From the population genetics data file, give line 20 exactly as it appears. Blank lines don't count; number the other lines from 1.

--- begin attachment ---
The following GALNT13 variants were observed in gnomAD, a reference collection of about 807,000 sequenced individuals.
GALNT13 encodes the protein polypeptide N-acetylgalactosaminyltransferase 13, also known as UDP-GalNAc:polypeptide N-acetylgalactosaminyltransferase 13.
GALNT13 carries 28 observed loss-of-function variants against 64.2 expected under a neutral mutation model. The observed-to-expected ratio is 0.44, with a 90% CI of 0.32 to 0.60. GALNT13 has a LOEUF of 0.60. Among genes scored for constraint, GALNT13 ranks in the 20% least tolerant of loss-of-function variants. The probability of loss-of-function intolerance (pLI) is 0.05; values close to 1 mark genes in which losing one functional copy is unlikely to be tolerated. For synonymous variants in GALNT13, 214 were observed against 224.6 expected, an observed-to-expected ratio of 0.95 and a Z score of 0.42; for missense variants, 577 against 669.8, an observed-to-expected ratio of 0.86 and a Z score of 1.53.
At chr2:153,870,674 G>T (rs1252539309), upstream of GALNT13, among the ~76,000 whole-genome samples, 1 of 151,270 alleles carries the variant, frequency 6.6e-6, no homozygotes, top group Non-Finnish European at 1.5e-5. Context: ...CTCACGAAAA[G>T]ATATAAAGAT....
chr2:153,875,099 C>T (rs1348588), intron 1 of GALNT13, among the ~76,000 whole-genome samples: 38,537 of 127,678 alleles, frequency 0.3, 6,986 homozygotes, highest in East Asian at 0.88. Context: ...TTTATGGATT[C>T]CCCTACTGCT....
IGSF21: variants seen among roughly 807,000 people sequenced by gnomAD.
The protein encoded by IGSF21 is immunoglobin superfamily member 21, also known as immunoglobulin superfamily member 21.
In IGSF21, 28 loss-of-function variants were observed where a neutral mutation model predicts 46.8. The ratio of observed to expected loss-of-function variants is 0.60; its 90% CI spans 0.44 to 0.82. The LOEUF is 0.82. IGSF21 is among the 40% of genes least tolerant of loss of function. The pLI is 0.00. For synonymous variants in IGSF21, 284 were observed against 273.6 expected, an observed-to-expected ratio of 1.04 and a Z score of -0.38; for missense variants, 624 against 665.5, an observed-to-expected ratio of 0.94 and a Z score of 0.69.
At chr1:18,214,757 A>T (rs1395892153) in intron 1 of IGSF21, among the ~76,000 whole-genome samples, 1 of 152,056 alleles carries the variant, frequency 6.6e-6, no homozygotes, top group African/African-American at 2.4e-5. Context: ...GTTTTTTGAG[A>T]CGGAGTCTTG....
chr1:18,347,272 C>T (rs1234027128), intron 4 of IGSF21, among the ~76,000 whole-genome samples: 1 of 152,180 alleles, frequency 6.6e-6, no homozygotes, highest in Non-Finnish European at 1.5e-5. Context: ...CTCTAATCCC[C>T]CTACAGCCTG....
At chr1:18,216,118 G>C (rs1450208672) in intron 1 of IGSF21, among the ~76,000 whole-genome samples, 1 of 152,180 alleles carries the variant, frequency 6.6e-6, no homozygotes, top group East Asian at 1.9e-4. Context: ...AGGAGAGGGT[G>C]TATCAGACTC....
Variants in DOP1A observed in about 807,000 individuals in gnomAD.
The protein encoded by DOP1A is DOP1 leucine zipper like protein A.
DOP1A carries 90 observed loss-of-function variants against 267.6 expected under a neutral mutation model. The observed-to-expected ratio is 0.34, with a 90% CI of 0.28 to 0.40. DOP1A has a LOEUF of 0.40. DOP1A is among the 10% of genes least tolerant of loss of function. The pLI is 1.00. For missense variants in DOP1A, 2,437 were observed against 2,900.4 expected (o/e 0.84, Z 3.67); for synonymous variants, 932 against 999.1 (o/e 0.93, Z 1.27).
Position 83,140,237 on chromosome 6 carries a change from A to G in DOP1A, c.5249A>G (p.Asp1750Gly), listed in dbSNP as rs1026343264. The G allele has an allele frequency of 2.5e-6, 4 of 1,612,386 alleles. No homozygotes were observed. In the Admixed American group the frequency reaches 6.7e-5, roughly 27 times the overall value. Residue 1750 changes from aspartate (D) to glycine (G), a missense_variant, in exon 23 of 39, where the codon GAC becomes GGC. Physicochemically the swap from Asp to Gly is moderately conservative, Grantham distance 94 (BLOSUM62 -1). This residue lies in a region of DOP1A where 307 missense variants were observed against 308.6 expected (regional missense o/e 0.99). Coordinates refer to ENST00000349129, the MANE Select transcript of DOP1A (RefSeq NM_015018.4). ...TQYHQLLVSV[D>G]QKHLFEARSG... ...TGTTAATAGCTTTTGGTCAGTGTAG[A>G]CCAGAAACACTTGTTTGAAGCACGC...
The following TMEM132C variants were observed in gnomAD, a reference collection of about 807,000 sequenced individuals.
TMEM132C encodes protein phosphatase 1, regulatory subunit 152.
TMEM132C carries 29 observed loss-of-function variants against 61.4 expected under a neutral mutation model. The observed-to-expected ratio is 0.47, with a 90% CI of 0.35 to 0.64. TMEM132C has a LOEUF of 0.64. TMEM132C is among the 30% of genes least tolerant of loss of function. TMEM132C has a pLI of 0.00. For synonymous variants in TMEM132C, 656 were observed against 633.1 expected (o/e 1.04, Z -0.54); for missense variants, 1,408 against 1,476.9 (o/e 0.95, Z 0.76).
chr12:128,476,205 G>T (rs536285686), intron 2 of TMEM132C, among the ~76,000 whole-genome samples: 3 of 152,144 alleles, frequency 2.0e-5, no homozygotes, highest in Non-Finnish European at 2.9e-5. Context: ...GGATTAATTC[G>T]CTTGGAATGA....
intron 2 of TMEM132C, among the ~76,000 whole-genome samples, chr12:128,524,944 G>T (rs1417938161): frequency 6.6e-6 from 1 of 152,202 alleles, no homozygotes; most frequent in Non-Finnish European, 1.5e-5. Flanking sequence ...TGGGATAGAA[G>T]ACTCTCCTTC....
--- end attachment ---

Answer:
intron 2 of TMEM132C, among the ~76,000 whole-genome samples, chr12:128,524,944 G>T (rs1417938161): frequency 6.6e-6 from 1 of 152,202 alleles, no homozygotes; most frequent in Non-Finnish European, 1.5e-5. Flanking sequence ...TGGGATAGAA[G>T]ACTCTCCTTC....